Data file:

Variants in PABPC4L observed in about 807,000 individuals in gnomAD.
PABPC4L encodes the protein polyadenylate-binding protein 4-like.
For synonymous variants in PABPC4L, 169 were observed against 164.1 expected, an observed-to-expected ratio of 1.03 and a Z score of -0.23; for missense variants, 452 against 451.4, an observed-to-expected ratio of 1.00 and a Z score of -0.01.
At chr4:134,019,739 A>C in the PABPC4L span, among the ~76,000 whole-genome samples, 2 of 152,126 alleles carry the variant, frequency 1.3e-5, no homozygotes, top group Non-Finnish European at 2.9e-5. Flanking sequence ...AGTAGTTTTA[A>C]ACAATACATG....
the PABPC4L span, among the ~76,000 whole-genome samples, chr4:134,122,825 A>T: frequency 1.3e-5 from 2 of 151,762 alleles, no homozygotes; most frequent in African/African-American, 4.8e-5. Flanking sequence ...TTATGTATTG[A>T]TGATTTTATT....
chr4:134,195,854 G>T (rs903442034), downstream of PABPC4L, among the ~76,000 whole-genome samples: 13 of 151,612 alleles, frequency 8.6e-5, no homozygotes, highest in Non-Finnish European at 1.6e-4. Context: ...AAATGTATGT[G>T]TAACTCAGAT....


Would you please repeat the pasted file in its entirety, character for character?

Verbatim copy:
Variants in PABPC4L observed in about 807,000 individuals in gnomAD.
PABPC4L encodes the protein polyadenylate-binding protein 4-like.
For synonymous variants in PABPC4L, 169 were observed against 164.1 expected, an observed-to-expected ratio of 1.03 and a Z score of -0.23; for missense variants, 452 against 451.4, an observed-to-expected ratio of 1.00 and a Z score of -0.01.
At chr4:134,019,739 A>C in the PABPC4L span, among the ~76,000 whole-genome samples, 2 of 152,126 alleles carry the variant, frequency 1.3e-5, no homozygotes, top group Non-Finnish European at 2.9e-5. Flanking sequence ...AGTAGTTTTA[A>C]ACAATACATG....
the PABPC4L span, among the ~76,000 whole-genome samples, chr4:134,122,825 A>T: frequency 1.3e-5 from 2 of 151,762 alleles, no homozygotes; most frequent in African/African-American, 4.8e-5. Flanking sequence ...TTATGTATTG[A>T]TGATTTTATT....
chr4:134,195,854 G>T (rs903442034), downstream of PABPC4L, among the ~76,000 whole-genome samples: 13 of 151,612 alleles, frequency 8.6e-5, no homozygotes, highest in Non-Finnish European at 1.6e-4. Context: ...AAATGTATGT[G>T]TAACTCAGAT....